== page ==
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Laying the Foundations

Updated: Sep 20, 2018

It’s been a very busy month here at Eastbrook and the project is progressing nicely. Firstly, we’re very excited to announce that the renovated ProHides photography hides are being relocated and in future will have their own dedicated area on the farm! This means we can develop them specifically to attract wildlife and know that there will be no disturbance by farm livestock or other activities.

This is huge news for the project and enables us to set up some exciting long-term commitments to wildlife generation in the area. The area selected spreads over roughly 5 hectares and includes an amazing mix of habitats. A chalk bed stream runs between an old 5-acre oak woodland and a 5-acre open field bordered by native hedgerows. As well as this, just a short walk away, a 2.5 acre recently planted woodland has also been made available for ProHides to utilise.

The area is rich with wildlife and in the past weeks, I have already confirmed sightings of roe deer, muntjac, badger, hare, red kite, buzzard, rabbits, kestrel, pheasants, crayfish, partridge, skylark, jay and all sorts of woodland birds in the area. As well as this we have evidence and reported sightings of barn owl, kingfisher, fox, fallow deer, weasel and two very exciting possible sightings - a turtle dove, presumably preparing to migrate, and a polecat!

As we go through Autumn and Winter we are hoping to set up these areas to attract and benefit all of the local wildlife – providing areas for them to rest, encouraging food sources and setting up environments for them to raise young. To give you a rough idea of our plans and activities for the areas I’ve given a bit of an overview of each area below;


The Oak Woodland;

An isolated area of the farm holds possibly one of its’ greatest gems – a 5-acre old oak woodland. Large oak trees scattered among hazel, ash and other trees creates a rich environment for wildlife. Little has taken place here in the last few years so this Wessex Woodland in helping out with some coppicing of the woodland – as well as creating some lovely open clearings this has also left us with some amazing piles of wood and offcuts that will create stunning habitats. The plan over the next few weeks is to clear the woodland of any old equipment, that has been used for farming activity in the past, as well as open up some areas around the overgrown stream to allow more access for wildlife. In the near future, we will be looking to add nestboxes around the woods and set up some wild bird feeders to encourage species to return and supplement their diet through the tougher winter months.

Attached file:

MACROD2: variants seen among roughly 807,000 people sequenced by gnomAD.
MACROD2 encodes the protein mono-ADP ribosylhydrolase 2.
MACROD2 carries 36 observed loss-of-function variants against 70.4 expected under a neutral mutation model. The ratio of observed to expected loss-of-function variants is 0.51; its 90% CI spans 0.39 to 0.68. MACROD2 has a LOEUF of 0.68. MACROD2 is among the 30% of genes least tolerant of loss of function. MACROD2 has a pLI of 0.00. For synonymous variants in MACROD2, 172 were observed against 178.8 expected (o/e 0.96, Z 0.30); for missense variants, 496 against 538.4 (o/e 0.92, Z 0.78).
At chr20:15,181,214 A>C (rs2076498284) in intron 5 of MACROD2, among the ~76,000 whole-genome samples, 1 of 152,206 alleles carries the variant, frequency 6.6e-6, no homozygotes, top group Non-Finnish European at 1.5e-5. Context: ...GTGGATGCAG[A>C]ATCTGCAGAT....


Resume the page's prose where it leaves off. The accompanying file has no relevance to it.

The Field;

This 5-acre site neighbours the oak woodland, separated by the bubbling stream – abundant with large crayfish currently. Sloe, blackberry, hawthorn, willow and other native trees create a rich hedgerow surrounding the field. What there isn’t much of in the area is standing water and this seems like a great opportunity to create it which is exactly what we are hoping to do. Aerial footage and walking through the field shows evidence of an old pond/water supply flowing through the field and we hope to restore this to encourage a rich ecosystem to develop.


The Planted Woodland;

This may seem like an odd site when you first see it but it is in fact a ground breaking agroforestry project being spearheaded by Helen here at Eastbrook Farm. What looks like avenues of long grass are dotted with young trees, surrounded by a wire deer fence, the area may appear to be an odd choice for photography… but there’s something unique going on here. The fences have been created to stop larger mammals from entering and damaging the saplings, and the long grass is left to grow to help protect them further. This all creates a rich, safe habitat for one particular group of animals…..rodents! And where there’s prey there are predators – owls, sparrowhawk, buzzards and kestrel have been spotted frequently around the site hunting and this is exactly what we’ll be aiming to encourage more to the area and photograph.


The next few weeks are crucial for the project with plans involving heavy machinery having to be carried out before the ground gets too wet and unstable. The ideal would be to have all major work completed before winter so that by the time spring comes around the area is established and wildlife can begin to settle and prepare for the year ahead. As we have work completed we will relocate the hides to start to capture some of the magnificent nature that inhabits these habitats.

We are also planning a number of photography workshops Beginners Photography, Advanced Photography, British Macro, Birds and Mammals, Wildflowers and Birds of Prey, so sign up to our newsletter at the bottom this page and be the first to hear more information. If you can’t wait that long, we’re taking bookings NOW for wildlife safaris and private photography tuition. Up on the highest point on the farm, we have a large hide with enough space to sleep in that is in the early stages of being set up to attract red kite and buzzards. All being well this should be up and running as we go into winter, if not before – but it is wildlife, so anything can happen. Use our contact farm to register your interest and be the first to know if you could photograph these amazing birds this autumn.

As you can see we’ve got a lot going on and a busy few months ahead but we will keep you updated with project progress and if you’d like to get involved or feel you have any skills or knowledge that would benefit the project, please feel free to get in touch!

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